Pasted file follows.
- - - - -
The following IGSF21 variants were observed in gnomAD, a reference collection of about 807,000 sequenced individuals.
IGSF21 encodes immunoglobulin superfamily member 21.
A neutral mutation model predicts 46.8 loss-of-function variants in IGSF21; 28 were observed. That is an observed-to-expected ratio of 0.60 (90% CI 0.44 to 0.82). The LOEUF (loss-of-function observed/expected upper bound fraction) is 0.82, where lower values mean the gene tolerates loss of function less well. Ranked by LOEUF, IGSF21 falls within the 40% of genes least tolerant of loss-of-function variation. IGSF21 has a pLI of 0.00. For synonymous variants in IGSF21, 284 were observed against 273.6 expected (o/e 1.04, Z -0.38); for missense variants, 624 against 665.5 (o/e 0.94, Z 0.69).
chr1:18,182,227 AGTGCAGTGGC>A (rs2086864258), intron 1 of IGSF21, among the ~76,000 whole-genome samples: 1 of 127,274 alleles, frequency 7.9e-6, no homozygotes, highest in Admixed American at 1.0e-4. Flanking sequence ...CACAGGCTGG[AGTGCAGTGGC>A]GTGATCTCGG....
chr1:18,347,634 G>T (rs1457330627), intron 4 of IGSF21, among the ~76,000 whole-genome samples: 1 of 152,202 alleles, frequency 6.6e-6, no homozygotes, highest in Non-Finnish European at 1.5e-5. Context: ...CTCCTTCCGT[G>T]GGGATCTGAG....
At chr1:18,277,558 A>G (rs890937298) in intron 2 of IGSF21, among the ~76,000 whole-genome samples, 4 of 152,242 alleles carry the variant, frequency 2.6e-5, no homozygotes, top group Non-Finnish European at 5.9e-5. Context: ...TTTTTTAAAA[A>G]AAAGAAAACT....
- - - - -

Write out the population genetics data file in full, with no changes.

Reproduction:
The following IGSF21 variants were observed in gnomAD, a reference collection of about 807,000 sequenced individuals.
IGSF21 encodes immunoglobulin superfamily member 21.
A neutral mutation model predicts 46.8 loss-of-function variants in IGSF21; 28 were observed. That is an observed-to-expected ratio of 0.60 (90% CI 0.44 to 0.82). The LOEUF (loss-of-function observed/expected upper bound fraction) is 0.82, where lower values mean the gene tolerates loss of function less well. Ranked by LOEUF, IGSF21 falls within the 40% of genes least tolerant of loss-of-function variation. IGSF21 has a pLI of 0.00. For synonymous variants in IGSF21, 284 were observed against 273.6 expected (o/e 1.04, Z -0.38); for missense variants, 624 against 665.5 (o/e 0.94, Z 0.69).
chr1:18,182,227 AGTGCAGTGGC>A (rs2086864258), intron 1 of IGSF21, among the ~76,000 whole-genome samples: 1 of 127,274 alleles, frequency 7.9e-6, no homozygotes, highest in Admixed American at 1.0e-4. Flanking sequence ...CACAGGCTGG[AGTGCAGTGGC>A]GTGATCTCGG....
chr1:18,347,634 G>T (rs1457330627), intron 4 of IGSF21, among the ~76,000 whole-genome samples: 1 of 152,202 alleles, frequency 6.6e-6, no homozygotes, highest in Non-Finnish European at 1.5e-5. Context: ...CTCCTTCCGT[G>T]GGGATCTGAG....
At chr1:18,277,558 A>G (rs890937298) in intron 2 of IGSF21, among the ~76,000 whole-genome samples, 4 of 152,242 alleles carry the variant, frequency 2.6e-5, no homozygotes, top group Non-Finnish European at 5.9e-5. Context: ...TTTTTTAAAA[A>G]AAAGAAAACT....